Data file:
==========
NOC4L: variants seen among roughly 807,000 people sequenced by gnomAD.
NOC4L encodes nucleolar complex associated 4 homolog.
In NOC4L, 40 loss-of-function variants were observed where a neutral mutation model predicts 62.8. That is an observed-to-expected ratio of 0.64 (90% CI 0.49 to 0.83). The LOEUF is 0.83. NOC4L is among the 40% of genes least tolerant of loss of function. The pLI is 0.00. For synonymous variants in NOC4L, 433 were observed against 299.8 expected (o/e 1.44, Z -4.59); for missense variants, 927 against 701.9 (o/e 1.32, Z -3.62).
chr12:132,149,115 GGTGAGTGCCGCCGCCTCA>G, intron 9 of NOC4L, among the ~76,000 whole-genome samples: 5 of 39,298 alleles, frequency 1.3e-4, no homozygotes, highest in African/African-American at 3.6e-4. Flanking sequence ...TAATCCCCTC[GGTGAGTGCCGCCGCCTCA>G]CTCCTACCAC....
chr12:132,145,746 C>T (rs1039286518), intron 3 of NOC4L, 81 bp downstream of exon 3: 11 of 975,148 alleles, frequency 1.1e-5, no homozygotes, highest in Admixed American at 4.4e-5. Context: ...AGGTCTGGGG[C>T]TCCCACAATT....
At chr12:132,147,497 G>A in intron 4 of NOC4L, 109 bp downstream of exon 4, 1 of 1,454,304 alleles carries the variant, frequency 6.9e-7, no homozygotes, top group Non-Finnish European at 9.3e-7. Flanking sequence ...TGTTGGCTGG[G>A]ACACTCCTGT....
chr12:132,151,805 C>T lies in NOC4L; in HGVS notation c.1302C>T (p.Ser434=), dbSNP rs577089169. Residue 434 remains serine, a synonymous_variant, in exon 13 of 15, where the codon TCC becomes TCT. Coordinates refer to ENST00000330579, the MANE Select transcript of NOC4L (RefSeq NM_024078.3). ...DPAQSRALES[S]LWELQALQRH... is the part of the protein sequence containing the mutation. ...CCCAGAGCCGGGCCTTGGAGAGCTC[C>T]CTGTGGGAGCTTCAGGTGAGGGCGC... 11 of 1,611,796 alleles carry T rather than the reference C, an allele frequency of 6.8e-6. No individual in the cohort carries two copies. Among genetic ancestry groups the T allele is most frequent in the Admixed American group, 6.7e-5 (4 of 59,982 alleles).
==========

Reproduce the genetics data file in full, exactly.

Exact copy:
NOC4L: variants seen among roughly 807,000 people sequenced by gnomAD.
NOC4L encodes nucleolar complex associated 4 homolog.
In NOC4L, 40 loss-of-function variants were observed where a neutral mutation model predicts 62.8. That is an observed-to-expected ratio of 0.64 (90% CI 0.49 to 0.83). The LOEUF is 0.83. NOC4L is among the 40% of genes least tolerant of loss of function. The pLI is 0.00. For synonymous variants in NOC4L, 433 were observed against 299.8 expected (o/e 1.44, Z -4.59); for missense variants, 927 against 701.9 (o/e 1.32, Z -3.62).
chr12:132,149,115 GGTGAGTGCCGCCGCCTCA>G, intron 9 of NOC4L, among the ~76,000 whole-genome samples: 5 of 39,298 alleles, frequency 1.3e-4, no homozygotes, highest in African/African-American at 3.6e-4. Flanking sequence ...TAATCCCCTC[GGTGAGTGCCGCCGCCTCA>G]CTCCTACCAC....
chr12:132,145,746 C>T (rs1039286518), intron 3 of NOC4L, 81 bp downstream of exon 3: 11 of 975,148 alleles, frequency 1.1e-5, no homozygotes, highest in Admixed American at 4.4e-5. Context: ...AGGTCTGGGG[C>T]TCCCACAATT....
At chr12:132,147,497 G>A in intron 4 of NOC4L, 109 bp downstream of exon 4, 1 of 1,454,304 alleles carries the variant, frequency 6.9e-7, no homozygotes, top group Non-Finnish European at 9.3e-7. Flanking sequence ...TGTTGGCTGG[G>A]ACACTCCTGT....
chr12:132,151,805 C>T lies in NOC4L; in HGVS notation c.1302C>T (p.Ser434=), dbSNP rs577089169. Residue 434 remains serine, a synonymous_variant, in exon 13 of 15, where the codon TCC becomes TCT. Coordinates refer to ENST00000330579, the MANE Select transcript of NOC4L (RefSeq NM_024078.3). ...DPAQSRALES[S]LWELQALQRH... is the part of the protein sequence containing the mutation. ...CCCAGAGCCGGGCCTTGGAGAGCTC[C>T]CTGTGGGAGCTTCAGGTGAGGGCGC... 11 of 1,611,796 alleles carry T rather than the reference C, an allele frequency of 6.8e-6. No individual in the cohort carries two copies. Among genetic ancestry groups the T allele is most frequent in the Admixed American group, 6.7e-5 (4 of 59,982 alleles).